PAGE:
In other words, someone charged with euthanasia could be indicted on two alternative counts: firstly, murder and secondly, euthanasia. The facts of the case would then be argued by both sides in front of a jury, as happens in every serious criminal case already and the jury would make the decisions as to whether to convict and, if so, whether there had been murder plain and simple or euthanasia.
The advantages of keeping euthanasia a crime and leaving the crucial decisions of fact to the jury are firstly, that anyone thinking of committing murder but disguising it as euthanasia would know that they run the jury gauntlet and, secondly, that the democratic view of the jury is much more likely to be closer to the public view of events that the alienated judicial view. The press would find it much harder to inflame public opinion about a jury’s decision than it does about a judicial decision made by someone completely out of touch with life on our council estates and police no go zones. There are many more of these areas than our authorities will ever admit: a police no go zone is a place where they will only every appear in strength of numbers. (Incidentally, that does not apply to any of Occupy London’s encampments.) You have to live in one to understand the situation on the ground because the press does not report these ugly truths either, lest it harms circulation.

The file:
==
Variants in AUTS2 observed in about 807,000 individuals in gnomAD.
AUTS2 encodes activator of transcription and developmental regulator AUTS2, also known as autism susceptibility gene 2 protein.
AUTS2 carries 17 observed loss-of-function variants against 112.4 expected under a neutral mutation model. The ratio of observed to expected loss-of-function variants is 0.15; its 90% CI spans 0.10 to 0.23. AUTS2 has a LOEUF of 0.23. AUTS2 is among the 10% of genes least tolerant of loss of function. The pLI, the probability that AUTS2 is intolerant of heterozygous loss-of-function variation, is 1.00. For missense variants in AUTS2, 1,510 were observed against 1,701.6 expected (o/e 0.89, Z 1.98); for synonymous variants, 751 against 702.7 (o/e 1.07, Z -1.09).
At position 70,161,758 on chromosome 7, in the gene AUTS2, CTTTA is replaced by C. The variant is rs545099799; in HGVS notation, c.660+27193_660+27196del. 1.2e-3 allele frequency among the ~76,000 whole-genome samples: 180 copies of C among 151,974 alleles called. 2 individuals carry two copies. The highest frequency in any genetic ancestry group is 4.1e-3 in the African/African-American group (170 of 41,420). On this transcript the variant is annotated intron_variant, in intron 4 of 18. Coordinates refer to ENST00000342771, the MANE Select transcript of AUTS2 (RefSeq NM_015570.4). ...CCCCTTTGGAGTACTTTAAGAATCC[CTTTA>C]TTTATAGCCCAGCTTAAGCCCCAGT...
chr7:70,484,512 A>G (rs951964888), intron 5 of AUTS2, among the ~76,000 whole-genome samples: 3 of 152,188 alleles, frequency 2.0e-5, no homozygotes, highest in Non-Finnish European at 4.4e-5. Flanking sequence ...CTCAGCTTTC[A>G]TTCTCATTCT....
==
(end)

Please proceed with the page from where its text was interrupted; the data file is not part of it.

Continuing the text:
Euthanasia could remain a crime but its sentence be within the remit of judicial discretion. Sentencing should not be in the hands of the mob. This approach would not risk judicial discretion running riot with the criminals we so sorely want to punish.